Have you ever been "The Only One"?
In mid-August 2014, my daughter has the opportunity to finally meet others like her. It will be a first. It will be life changing. It will be the end of a long, lonely chapter and the beginning of a brand new sense of community.
Let me backtrack and explain our story. Jasmine's was a drawn out, arduous birth but she was the happiest, easiest baby. A mother's dream. An affectionate, sweet little girl - I had never been happier.
At the age of three, the light began to go out of Jasmine's eyes. She lost some of her sparkle. Her face often looked grumpy, although she proclaimed to be happy, to be having fun, to having had "the best day ever". I knew something was off.
It took years for medical and educational professionals to take me seriously. Finally, a new, young teacher went to bat for Jasmine and five years later we had a formal diagnosis. Nonverbal Learning Disorder.
NLD is a bit of a misnomer. In a nutshell....actually, it doesn't fit in a nutshell. NLD kids are highly verbal. It's the nonverbal communication that is the struggle. That pretty much boils down to anything that isn't spoken word - body language, facial expression, reading comprehension. Add to that a neurological component. Tactile sensitivity. Poor balance and coordination. A lack of spatial relation. Difficulty with executive functioning.
If you're interested in learning more about Nonverbal Learning Disorder, here are some great articles and websites:
"Nonverbal Learning Disorders" - Sue Thompson http://www.nldline.com/nld_sue.htm
"Descriptive Profile of Children with Nonverbal Learning Disabilities" - J. Palombo http://www.nldline.com/palombo.htm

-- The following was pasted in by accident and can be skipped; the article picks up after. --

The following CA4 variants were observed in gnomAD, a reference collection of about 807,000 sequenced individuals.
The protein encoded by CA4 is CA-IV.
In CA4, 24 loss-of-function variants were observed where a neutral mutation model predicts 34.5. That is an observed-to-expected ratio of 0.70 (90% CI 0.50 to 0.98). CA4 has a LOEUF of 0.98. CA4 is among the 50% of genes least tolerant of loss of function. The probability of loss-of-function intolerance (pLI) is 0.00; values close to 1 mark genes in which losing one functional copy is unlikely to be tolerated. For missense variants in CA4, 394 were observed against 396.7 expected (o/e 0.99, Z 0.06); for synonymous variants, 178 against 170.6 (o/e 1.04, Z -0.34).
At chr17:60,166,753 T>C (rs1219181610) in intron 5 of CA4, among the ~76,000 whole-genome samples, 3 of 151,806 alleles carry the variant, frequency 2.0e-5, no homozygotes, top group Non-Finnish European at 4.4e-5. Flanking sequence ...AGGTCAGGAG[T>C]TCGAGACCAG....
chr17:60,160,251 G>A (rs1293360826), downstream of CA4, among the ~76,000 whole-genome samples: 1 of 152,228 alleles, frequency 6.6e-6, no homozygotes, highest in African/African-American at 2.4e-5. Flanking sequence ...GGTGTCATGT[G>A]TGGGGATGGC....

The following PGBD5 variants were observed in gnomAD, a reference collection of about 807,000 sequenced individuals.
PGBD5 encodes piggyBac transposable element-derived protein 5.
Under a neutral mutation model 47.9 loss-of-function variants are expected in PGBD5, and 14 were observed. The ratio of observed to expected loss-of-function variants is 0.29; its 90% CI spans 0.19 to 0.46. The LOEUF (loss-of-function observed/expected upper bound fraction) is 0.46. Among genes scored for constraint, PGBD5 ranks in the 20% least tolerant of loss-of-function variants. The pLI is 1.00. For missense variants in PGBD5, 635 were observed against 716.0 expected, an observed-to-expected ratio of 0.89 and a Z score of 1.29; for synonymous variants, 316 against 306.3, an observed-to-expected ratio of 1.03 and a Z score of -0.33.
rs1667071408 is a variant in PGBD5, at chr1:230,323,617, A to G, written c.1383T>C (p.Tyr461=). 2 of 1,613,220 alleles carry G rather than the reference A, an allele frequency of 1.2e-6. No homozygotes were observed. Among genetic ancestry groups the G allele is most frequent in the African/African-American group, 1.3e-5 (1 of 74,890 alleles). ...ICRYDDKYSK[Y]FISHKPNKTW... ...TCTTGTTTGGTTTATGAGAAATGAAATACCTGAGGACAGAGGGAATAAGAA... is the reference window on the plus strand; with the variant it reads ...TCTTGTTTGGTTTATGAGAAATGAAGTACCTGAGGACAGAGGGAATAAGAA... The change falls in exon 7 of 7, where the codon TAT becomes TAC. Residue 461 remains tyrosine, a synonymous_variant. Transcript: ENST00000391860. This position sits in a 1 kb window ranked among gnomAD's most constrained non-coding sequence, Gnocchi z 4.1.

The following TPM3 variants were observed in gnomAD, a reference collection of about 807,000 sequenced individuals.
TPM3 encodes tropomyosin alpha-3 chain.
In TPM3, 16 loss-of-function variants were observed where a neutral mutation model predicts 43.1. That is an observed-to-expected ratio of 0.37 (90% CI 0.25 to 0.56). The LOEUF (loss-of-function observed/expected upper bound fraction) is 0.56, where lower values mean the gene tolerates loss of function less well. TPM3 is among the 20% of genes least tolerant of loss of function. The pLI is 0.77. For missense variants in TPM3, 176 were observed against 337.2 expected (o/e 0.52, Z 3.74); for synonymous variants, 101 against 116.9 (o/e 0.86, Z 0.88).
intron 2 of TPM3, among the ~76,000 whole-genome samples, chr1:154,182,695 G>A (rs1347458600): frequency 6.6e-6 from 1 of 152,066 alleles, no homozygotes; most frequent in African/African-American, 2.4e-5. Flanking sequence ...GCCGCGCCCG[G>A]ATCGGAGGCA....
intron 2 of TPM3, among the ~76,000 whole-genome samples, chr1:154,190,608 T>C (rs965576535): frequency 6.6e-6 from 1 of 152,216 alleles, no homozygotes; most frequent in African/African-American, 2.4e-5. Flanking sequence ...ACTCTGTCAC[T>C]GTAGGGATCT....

"What is Nonverbal Learning Disorder Syndrome?" - Emily S. Fudgehttp://www.nldontheweb.org/nldentrylevelreading/whatisnldsyndrome.html
Each school year (or semester), it's necessary to educate teachers and resource staff. Being "the only" means that none of them have had ever dealt with NLD. I became a tenacious researcher, educator and advocate. NLD has no obvious visible characteristics and because NLD folks have high verbal skills, expectation often does not match ability.
It's no wonder my little girl looked unhappy. She was struggling to understand the world around her.
She went from this bright, happy girl...
to this shy, withdrawn, unsure little girl almost overnight.
After years of love and hard work, the light often returns she's become this:
Fast forward to now. It takes a village to raise a child, and we're ready to expand our village. Our only experience with others who have NLD has been via Facebook. In August, we have the opportunity to attend a conference and be in the same room with kids just like Jasmine...and parents who understand. We'll also meet college students and adults who have developed successful coping strategies. I can't place a value on that.
To see more about the NLD Conference, this link will lead you to the event on Facebook.http://on.fb.me/1hadmW3
Here's where we hope you come in. The conference is in Estes Park, Colorado. That means flights, ground transportation, accommodation, meals, conference registration and missed income while away. The conference is from August 15-17 and for a few days afterwards, we hope to be tourists with other NLD families.
If Jasmine's story touches your heart, would you help her no longer be "the only one". Your donation will allow Jasmine to be one of many. Isn't that what all teenage girls want?
Thank you for your support and kindness!